CINCINNATI - We invite you to dig into our weekly column spotlighting different chefs from the Greater Cincinnati area. Each Sunday, WCPO Contributor Grace Yek takes you into their kitchens and talks to them about their food. The chefs reveal their inspirations, philosophies, and provide a glimpse of their authentic selves.
“Be happy, and enjoy what you’re doing. Sometimes in this industry, people take things too seriously. We want the guests to have a great experience, but at the end of the day, we’re just cooking. We’re not curing any kind of disease. We’re cooking for people.”
If there were such a thing as a culinary gene, it would surely be sequenced in the DNA of Jeremy Luers, executive chef at The Phoenix . How else would you explain a kindergarten wunderkind, cooking a hot breakfast all by himself?
"I probably shouldn’t have been using the stove, but I was surprising my mom and dad with breakfast in bed, with eggs and stuff," Luers recalled.
Born and raised in Batesville, Ind., Luers has always loved cooking.
"I've been infatuated with cooking ever since I can remember," he said. From a very young age, Luers was his mother's constant kitchen companion.
"I wanted to crack the eggs, or mix things. It was just something I enjoyed a lot," he said. The future chef's passion for cooking was further fueled by popular cooking shows of the day, like Graham Kerr’s Galloping Gourmet and Justin Wilson’s Cajun Cooking.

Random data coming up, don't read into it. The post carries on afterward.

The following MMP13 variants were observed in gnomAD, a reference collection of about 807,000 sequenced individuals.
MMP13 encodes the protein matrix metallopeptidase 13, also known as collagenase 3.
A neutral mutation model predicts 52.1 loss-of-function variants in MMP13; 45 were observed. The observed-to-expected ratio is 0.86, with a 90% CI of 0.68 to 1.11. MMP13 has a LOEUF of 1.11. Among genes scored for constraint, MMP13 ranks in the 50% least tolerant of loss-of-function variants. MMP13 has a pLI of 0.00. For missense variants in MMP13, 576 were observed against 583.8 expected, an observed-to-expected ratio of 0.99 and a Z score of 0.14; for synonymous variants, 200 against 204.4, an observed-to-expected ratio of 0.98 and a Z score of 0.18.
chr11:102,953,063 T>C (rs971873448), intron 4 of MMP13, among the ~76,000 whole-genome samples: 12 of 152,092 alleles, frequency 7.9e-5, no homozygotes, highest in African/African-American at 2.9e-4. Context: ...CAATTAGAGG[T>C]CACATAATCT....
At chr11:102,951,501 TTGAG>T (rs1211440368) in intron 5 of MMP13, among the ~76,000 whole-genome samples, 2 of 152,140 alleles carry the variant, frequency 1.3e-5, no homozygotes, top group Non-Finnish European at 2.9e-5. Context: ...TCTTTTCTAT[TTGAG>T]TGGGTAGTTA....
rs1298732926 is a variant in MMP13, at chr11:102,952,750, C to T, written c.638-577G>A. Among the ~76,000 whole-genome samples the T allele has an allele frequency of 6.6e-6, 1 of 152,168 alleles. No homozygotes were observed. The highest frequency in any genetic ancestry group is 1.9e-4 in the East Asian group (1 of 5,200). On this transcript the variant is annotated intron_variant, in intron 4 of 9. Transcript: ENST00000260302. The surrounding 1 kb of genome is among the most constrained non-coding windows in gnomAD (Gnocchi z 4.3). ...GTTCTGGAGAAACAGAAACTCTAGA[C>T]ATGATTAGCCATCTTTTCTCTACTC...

After high school, Luers worked full-time at a wood shop, while swinging a part-time stint as a line cook at a local restaurant. Six months of working in the kitchen hooked him; Luers enrolled himself in culinary school at Sullivan University in Louisville.
With a culinary degree under his belt, Luers found a kitchen job in Columbus, Ind. It wasn’t long before he came face-to-face with a bunch of snapping crustaceans.
“One of the first jobs the chef gave me was to break down 60 live lobsters,” Luers said. It was a learning curve he has not forgotten. "I do great with lobsters now."
After a couple of years, Luers got a call that would send many young cooks over the moon: An invitation to stage (pronounced: stazh) at Babbo in New York . Luers flew there and worked with the kitchen crew for a day.
“I got in early in the morning, prepped and went through service with them. At the end of the night, they said ‘if you want a job, we’d love to have you,’” Luers said.
So, Luers hopped on as a line cook at Babbo and rose to the rank of sous chef in the year-and-a-half he was there. It was at Babbo that Luers first met two acclaimed chefs from Cincinnati.
“It turned out to be David Falk and Jono Fries,” he said.
The hours were long, but life in New York was good--and expensive. Luers moved back to the Midwest to rein in his living expenses and went to work for Falk and Fries at Boca . After more than three years there, he moved worked at other restaurants in Cincinnati, including Enoteca Emilia in O’Bryonville.
In July 2013, Luers joined the Phoenix Restaurant Group as the executive chef and culinary operating partner. He led the reopening of The Presidents Room Dining Room & Bar and refreshed the catering and restaurant menus. The menus now reflect a contemporary approach, with a hint of Italian and German influences.